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Kiki M

Eight year old won't follow instructions

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Kiki M

Posting out of desperation and hoping to find some strategies that worked for other parents.

 

My DD will be eight next month. We have an enormous amount of difficulty getting her to follow instructions. I don't mean that she doesn't understand them. She has no learning or developmental issues. I mean that she simply decides not to do as asked, or gets distracted by things she thinks are more interesting or important (toys, dog, etc).

 

It is causing a great deal of tension in my house, especially with my husband. This morning, for example, she was asked three times by her dad to complete a checklist of items we have for her to do before school. They are simple things - make her bed, put her pyjamas away, make sure the dog has water in his bowl. After telling her 3 times and giving her ample warning, he walks in to her room to find her sitting on the bed playing with toys, checklist uncompleted.

 

He yells, threatens punishments, she cries, and basically this pattern is repeated several times a week.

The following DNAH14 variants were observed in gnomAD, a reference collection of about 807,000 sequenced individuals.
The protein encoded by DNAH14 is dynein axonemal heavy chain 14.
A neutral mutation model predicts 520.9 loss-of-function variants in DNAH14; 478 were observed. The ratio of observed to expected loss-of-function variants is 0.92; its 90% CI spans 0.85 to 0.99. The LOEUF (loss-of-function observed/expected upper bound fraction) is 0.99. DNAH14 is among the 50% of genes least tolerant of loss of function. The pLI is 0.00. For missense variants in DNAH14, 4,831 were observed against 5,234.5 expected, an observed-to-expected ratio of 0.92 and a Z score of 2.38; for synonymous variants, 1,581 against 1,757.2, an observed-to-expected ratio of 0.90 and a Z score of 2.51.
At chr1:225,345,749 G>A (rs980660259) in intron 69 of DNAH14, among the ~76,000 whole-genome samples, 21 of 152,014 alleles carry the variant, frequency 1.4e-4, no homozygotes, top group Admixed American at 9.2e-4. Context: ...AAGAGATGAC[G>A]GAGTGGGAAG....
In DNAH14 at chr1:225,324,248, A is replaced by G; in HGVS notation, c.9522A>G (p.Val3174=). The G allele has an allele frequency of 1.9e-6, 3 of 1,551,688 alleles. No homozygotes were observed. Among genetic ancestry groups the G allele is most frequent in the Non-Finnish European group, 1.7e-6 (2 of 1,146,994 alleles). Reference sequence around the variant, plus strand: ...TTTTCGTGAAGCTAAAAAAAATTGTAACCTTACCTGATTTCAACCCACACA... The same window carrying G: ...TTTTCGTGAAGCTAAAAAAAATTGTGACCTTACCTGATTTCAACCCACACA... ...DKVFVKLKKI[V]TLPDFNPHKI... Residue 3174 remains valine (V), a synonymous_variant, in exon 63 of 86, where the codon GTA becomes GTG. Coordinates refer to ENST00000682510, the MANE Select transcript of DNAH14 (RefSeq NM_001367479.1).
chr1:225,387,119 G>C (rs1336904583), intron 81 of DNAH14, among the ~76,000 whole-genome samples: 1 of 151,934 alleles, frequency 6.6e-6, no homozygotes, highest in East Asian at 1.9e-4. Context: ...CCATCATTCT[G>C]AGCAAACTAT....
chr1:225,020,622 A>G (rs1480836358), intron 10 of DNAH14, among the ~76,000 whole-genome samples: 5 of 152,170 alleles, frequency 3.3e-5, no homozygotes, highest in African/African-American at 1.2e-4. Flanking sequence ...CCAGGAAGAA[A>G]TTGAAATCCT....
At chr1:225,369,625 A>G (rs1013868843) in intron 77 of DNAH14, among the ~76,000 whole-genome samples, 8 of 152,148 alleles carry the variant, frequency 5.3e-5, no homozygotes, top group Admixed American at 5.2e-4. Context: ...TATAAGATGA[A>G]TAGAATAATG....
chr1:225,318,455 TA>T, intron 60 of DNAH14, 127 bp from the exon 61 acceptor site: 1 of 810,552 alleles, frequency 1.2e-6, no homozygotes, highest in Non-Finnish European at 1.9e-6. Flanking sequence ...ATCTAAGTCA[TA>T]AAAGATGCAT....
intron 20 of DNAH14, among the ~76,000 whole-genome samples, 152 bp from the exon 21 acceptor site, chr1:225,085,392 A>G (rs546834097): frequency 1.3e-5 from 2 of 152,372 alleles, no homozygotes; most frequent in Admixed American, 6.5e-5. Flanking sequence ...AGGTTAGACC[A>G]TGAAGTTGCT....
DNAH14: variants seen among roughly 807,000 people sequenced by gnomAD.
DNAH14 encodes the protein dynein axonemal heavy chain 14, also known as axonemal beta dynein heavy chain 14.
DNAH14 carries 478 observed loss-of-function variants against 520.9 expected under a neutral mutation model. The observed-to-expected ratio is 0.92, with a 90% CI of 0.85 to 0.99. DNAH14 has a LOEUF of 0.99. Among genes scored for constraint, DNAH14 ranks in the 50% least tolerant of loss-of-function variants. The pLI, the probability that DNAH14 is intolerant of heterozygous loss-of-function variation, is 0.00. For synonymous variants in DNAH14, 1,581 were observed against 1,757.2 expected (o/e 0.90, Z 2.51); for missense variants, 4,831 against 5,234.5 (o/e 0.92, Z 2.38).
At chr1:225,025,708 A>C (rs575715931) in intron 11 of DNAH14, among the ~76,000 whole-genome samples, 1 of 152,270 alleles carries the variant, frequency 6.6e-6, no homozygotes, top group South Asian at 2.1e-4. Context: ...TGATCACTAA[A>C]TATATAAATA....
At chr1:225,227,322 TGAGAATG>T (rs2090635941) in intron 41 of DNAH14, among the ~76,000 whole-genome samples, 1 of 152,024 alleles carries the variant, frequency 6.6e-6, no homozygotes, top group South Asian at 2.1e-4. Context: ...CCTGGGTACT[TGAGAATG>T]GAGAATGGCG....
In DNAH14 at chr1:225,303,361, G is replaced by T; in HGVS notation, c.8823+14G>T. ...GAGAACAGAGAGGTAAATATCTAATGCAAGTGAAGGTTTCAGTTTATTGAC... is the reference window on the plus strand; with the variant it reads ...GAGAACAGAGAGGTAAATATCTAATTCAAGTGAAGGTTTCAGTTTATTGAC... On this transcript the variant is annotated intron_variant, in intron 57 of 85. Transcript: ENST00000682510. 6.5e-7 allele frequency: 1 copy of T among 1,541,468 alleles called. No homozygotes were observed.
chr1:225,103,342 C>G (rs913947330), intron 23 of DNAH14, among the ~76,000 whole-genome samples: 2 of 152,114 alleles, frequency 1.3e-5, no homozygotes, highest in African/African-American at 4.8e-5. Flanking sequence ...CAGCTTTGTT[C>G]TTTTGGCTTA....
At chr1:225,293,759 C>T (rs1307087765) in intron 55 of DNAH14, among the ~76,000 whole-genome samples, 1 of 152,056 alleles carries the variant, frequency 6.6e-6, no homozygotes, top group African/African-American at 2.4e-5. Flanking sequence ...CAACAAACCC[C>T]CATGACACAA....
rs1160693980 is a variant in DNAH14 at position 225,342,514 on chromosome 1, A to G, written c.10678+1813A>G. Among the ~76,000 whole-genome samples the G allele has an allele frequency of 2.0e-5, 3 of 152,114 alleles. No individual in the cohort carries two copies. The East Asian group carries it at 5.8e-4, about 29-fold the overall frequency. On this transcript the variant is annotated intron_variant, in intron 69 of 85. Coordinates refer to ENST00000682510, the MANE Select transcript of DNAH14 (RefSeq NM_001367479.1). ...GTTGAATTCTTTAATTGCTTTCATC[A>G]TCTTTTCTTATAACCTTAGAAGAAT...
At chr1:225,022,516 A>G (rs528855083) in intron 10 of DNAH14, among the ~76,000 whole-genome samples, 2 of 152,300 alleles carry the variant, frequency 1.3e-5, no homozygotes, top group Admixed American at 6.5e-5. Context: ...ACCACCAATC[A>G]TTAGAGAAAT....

In calmer moments, I've tried to understand and rationalize with her, but she cannot articulate why she is incapable or unwilling to do as we have asked.

 

If you've faced a similar problem and found something that worked, please share. I am really disliking parenting my child at the moment, and this issue is making our house a miserable place to be.

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FiveAus

You are asking too much of her at once. Give her one simple task, help her complete it, then give her another simple task.

It sounds like you are overwhelming her by giving her a list. She's just a little girl, not an employee and she needs help to learn how to follow instructions.

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Mister Mum

Sounds like me as a kid OP. Classic ADHD - parents would give me a task and shame me for getting distracted which would p!ss me off and do nothing for my behaviour.

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Moonl!ght

All sounds very normal to me. I regularly have to ask my children more than three times to do simple tasks like clean their teeth or get in the shower. I'm not sure how well they would go if I added AND make their bed and put water in the dogs bowl to a request!

 

I told them recently from now on I would ask them to do something two times only and if I need to ask a third time there would be an instance consequence. So now I have started saying "I have asked you twice to do xyz. Do you need me to ask a third time?" Or if I find myself shouting I say "I don't want to shout, I have asked you twice already to get in the shower."